Donetsk battles are ‘hell’, says Ukrainian Zelenskiy as Kherson cleans up

  • Key infrastructure in Kherson destroyed, says Zelenskiy
  • Russia and Iran pledge to deepen economic, political and trade relations
  • Kherson faces serious humanitarian situation, city mayor says

Nov 13 (Reuters) – Russian forces destroyed key infrastructure in the southern Ukrainian city of Kherson before fleeing, President Volodymyr Zelenskiy said, as his Russian and Iranian counterparts committed to deepening economic, political and trade ties.

Zelenskiy described hellish battles in the eastern region of Donetsk, where pro-Moscow forces were fighting a much tougher fight after Russia on Friday abandoned the only regional capital it had captured since the war began in february.

Jubilant residents of Kherson welcomed the arrival of the troops as Zelenskiy said authorities, in their effort to stabilize the region, had dealt with nearly 2,000 mines, tripwires and unexploded shells left behind by the Russians at the start .

Russians “everywhere have the same goal: to humiliate people as much as possible. But we will restore everything, believe me,” Zelenskiy said in a video address on Saturday.

“Before fleeing Kherson, the occupants destroyed all critical infrastructure: communications, water, heating, electricity.

Ukraine’s success in Kherson, where its troops now control more than 60 regional settlements, as well as in other places, benefited in part from resistance in the Donetsk region, despite repeated Russian attacks, Zelenskiy added. .

“It’s just hell out there – there are extremely fierce battles going on there every day,” he said. “But our units defend themselves courageously – they resist the terrible pressure of the invaders, preserving our lines of defense.”

During a phone call, Russian President Vladimir Putin and Iranian President Ebrahim Raisi emphasized “strengthening cooperation in the political, trade and economic spheres, including the transport and logistics sector”, the Kremlin said on Saturday.

Russia stepped up its efforts to establish ties with Iran and other non-Western countries during the war, with a senior Russian security official having met Iranian leaders Wednesday in Tehran.

The visit follows accusations from Ukraine and the West that Russia used Iranian drones to target Ukraine’s energy infrastructure.

Iran says it sent Russia a small number of drones before the war started. Last month, two senior Iranian officials and two Iranian diplomats told Reuters that Iran had promised to supply Russia with surface-to-surface missiles.

But Ukraine will decide on the timing and content of any framework for negotiations with Russia, according to the minutes of a meeting on Saturday between US Secretary of State Antony Blinken and Ukrainian Foreign Minister Dmytro Kuleba in Phnom Penh.

The Washington Post reported a week ago that the Biden administration was privately encouraging Ukrainian leaders to signal an opening to negotiate with Russia and drop their public refusal to engage in peace talks unless Putin is removed from power.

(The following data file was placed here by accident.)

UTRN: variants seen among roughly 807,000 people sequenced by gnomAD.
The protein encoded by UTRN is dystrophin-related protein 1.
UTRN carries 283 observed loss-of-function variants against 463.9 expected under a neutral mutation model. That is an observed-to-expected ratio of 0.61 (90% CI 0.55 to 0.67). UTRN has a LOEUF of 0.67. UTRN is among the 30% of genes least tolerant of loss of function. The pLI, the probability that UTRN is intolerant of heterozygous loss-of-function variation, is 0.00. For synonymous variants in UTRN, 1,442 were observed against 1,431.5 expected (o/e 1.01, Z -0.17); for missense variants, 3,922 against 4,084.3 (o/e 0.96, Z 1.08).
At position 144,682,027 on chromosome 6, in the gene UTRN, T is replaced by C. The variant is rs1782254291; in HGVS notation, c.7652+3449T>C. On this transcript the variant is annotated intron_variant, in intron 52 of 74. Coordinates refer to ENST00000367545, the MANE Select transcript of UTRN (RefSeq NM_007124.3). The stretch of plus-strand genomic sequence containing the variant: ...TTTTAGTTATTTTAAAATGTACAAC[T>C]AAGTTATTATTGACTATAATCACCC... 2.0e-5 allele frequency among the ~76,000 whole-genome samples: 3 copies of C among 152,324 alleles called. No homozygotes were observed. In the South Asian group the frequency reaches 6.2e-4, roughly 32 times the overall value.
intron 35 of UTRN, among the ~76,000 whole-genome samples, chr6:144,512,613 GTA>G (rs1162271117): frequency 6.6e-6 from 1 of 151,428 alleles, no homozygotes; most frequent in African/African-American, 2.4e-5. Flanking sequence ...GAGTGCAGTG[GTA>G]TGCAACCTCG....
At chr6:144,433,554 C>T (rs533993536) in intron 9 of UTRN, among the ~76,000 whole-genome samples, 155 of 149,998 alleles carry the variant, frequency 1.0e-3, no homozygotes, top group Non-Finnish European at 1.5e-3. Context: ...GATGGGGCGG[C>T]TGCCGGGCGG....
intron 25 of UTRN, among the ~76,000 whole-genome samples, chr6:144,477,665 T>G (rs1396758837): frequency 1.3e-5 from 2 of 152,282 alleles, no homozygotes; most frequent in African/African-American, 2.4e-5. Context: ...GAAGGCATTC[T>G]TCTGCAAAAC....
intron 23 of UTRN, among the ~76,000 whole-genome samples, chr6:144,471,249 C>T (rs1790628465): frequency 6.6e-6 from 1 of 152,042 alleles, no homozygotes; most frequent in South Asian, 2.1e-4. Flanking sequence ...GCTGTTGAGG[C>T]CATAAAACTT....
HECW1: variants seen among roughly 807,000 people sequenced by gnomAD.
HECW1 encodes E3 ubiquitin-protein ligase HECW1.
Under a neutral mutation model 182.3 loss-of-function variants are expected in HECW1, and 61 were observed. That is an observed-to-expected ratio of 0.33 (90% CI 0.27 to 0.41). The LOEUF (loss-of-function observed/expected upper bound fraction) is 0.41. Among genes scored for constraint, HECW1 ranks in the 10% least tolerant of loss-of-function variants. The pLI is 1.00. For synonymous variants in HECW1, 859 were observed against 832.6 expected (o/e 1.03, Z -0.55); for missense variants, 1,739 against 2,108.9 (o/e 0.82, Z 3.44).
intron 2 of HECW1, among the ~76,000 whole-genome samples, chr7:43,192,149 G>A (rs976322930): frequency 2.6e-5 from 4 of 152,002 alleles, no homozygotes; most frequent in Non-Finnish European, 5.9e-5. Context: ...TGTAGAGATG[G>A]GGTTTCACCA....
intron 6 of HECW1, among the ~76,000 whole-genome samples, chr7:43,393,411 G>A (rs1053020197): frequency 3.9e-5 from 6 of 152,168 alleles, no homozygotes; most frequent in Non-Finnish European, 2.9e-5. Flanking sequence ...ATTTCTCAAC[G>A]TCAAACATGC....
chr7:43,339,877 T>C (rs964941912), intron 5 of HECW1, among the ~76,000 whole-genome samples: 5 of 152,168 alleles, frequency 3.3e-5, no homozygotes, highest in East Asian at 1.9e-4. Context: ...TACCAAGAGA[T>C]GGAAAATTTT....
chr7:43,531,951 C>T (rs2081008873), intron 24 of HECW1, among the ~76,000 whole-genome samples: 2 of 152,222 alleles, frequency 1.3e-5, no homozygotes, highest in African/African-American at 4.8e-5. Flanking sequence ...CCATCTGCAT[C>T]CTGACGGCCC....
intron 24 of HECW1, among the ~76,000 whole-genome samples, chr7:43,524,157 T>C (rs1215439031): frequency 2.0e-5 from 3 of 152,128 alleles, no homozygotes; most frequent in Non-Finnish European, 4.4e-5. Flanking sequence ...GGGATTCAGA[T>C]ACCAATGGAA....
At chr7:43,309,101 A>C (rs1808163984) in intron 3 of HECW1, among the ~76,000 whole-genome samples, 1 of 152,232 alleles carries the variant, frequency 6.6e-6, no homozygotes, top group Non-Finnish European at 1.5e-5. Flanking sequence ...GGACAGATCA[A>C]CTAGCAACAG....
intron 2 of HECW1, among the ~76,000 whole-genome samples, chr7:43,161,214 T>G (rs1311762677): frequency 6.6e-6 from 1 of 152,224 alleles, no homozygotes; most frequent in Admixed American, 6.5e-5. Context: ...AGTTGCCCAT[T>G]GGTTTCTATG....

Moscow describes its action in Ukraine as a “special military operation” aimed at demilitarizing and “denazifying” its small neighbor. Kyiv and its allies say Russia’s invasion, which has killed tens of thousands and uprooted millions, was unprovoked and illegal.

“TWENTY YEARS YOUNGER”

On the road to Kherson, villagers holding flowers waited on Saturday to greet and kiss Ukrainian soldiers poured in to secure control of the right bank of the Dnipro River after the stunning Russian retreat.

“We have looked 20 years younger in the last two days,” Valentyna Buhailova, 61, said just before a Ukrainian soldier jumped out of a small truck and hugged her and her partner Nataliya Porkhunuk, 66. , in a hamlet near the center of Kherson.

But volleys of artillery fire surrounded the international airport and police said they were setting up checkpoints in and around the city and searching for mines left behind.

The mayor said the humanitarian situation was “serious” due to lack of water, medicine and bread, as residents celebrated their release in what Zelenskiy called a “historic day“.

“The city is suffering from a critical shortage, mainly of water,” Mayor Roman Holovnia said on television. “There are currently not enough medicines, not enough bread because we cannot bake it: there is no electricity.”

Renowned graffiti artist Banksy unveiled on Instagram a mural of a gymnast doing a headstand on a small pile of concrete rubble in the Ukrainian town of Borodyanka, which had been occupied by Russia until April and heavily damaged when the fighting began.

“It’s such a historic moment for our country that people like Banksy and other famous people come here and show the world what Russia has done to us,” said Alina Mazur, 31, who has led 60 km (40 miles) from Kyiv, the capital, for an overview.

But the road to Kherson from Mykolaiv was lined with fields marked by miles of abandoned Russian trenches. A destroyed T72 tank lay with its turret overturned.

The abandoned trenches were littered with rubbish, blankets and camouflage netting. An irrigation ditch was filled with discarded Russian equipment and several anti-tank mines were visible on the side of the road.

Residents of the village of Kiselivka said the Russians left on Wednesday evening.

“They didn’t fire any shots,” said Hyhory Kulyaka, 54, who arrived on a scooter. “They were just gone.”

Reporting by David Ljjungren, Jonathan Landay and Gleb Garanich; Written by Clarence Fernandez; Editing by William Mallard

Our standards: The Thomson Reuters Trust Principles.

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